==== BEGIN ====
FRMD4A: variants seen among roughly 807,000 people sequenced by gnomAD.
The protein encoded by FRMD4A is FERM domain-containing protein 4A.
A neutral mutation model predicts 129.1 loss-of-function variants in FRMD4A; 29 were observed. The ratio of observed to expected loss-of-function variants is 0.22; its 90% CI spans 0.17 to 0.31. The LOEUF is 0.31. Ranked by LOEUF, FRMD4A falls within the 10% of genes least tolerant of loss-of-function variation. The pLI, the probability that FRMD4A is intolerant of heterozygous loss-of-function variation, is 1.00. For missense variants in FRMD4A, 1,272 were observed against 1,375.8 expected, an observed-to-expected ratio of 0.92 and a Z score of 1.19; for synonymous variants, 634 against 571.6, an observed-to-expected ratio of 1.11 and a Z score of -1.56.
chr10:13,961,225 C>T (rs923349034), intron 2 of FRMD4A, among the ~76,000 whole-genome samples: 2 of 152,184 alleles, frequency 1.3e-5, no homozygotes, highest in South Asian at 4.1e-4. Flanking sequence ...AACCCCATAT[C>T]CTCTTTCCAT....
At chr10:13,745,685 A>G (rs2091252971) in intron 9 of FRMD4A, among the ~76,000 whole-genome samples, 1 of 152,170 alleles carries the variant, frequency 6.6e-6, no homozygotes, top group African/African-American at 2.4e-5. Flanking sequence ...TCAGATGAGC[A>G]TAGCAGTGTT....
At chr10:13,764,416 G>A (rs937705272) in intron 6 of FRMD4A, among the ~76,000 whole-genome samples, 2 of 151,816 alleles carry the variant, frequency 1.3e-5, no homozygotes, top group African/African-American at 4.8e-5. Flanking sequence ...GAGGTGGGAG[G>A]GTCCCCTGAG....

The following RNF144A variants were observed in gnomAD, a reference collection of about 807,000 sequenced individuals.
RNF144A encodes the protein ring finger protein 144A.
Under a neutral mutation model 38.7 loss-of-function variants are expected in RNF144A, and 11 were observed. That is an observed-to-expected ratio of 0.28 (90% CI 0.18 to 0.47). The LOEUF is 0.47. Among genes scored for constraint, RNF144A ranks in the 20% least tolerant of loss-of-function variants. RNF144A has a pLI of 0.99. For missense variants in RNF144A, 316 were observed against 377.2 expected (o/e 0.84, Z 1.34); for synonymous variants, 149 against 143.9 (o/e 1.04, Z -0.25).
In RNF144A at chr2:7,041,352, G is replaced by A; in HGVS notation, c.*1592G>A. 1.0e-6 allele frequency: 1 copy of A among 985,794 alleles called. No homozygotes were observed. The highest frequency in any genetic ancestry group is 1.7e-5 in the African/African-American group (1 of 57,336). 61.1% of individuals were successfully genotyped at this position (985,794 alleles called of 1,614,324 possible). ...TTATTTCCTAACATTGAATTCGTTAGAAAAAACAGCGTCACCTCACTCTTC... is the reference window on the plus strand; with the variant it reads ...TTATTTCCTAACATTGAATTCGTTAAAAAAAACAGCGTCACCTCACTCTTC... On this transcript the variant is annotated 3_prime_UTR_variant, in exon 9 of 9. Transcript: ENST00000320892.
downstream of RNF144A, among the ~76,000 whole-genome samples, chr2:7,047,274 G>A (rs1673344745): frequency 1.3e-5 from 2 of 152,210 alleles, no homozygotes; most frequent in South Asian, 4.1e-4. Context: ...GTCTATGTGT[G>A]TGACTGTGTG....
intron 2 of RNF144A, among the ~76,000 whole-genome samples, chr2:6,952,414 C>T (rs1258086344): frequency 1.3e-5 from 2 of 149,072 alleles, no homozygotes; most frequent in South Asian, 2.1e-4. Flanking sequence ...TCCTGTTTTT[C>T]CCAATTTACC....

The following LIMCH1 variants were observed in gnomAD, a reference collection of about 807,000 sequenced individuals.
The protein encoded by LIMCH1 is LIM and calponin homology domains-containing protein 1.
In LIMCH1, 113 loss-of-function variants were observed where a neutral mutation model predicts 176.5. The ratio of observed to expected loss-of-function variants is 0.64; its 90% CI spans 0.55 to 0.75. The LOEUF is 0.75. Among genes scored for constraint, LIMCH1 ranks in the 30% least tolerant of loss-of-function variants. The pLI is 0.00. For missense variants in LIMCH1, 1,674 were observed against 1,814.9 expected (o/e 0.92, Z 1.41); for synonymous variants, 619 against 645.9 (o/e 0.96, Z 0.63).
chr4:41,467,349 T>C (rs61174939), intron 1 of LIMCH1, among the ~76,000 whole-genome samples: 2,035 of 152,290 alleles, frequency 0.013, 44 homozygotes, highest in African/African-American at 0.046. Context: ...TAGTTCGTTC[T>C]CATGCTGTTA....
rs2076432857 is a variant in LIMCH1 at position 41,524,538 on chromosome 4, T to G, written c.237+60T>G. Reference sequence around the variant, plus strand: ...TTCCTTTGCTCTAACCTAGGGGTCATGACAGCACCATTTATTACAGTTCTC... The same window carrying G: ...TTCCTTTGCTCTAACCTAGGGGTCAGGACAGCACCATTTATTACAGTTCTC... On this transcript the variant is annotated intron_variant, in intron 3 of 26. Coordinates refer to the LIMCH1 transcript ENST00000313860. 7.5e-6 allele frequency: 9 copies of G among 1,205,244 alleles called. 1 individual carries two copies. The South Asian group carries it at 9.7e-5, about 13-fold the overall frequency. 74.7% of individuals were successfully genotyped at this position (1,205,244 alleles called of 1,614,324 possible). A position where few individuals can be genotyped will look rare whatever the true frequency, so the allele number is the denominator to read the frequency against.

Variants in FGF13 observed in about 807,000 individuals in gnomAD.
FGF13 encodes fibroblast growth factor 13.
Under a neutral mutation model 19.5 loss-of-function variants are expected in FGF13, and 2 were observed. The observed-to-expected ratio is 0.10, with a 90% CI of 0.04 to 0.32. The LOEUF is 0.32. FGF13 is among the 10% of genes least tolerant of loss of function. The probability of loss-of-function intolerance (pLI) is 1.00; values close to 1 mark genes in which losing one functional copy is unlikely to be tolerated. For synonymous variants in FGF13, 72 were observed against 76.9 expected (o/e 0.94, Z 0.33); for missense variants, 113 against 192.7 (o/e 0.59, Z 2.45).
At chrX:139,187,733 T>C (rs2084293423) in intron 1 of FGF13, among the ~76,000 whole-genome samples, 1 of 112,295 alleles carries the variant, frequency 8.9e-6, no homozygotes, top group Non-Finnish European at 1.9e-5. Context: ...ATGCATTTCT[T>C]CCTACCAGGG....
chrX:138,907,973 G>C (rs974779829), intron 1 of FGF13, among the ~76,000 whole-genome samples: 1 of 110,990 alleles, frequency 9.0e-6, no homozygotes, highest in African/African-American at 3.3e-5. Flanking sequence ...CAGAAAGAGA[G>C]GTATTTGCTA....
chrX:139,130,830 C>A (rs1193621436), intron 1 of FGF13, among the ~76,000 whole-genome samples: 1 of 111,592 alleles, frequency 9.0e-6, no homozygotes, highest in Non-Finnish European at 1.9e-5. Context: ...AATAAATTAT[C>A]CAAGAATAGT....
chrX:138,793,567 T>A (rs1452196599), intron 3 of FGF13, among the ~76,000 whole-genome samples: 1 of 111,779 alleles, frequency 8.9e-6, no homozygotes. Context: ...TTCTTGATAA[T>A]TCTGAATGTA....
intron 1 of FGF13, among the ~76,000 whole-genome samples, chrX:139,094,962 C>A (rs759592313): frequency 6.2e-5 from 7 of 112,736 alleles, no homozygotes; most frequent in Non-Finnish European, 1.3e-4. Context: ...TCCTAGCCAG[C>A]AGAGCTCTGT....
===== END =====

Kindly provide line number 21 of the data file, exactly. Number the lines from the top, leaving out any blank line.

At chrX:139,187,733 T>C (rs2084293423) in intron 1 of FGF13, among the ~76,000 whole-genome samples, 1 of 112,295 alleles carries the variant, frequency 8.9e-6, no homozygotes, top group Non-Finnish European at 1.9e-5. Context: ...ATGCATTTCT[T>C]CCTACCAGGG....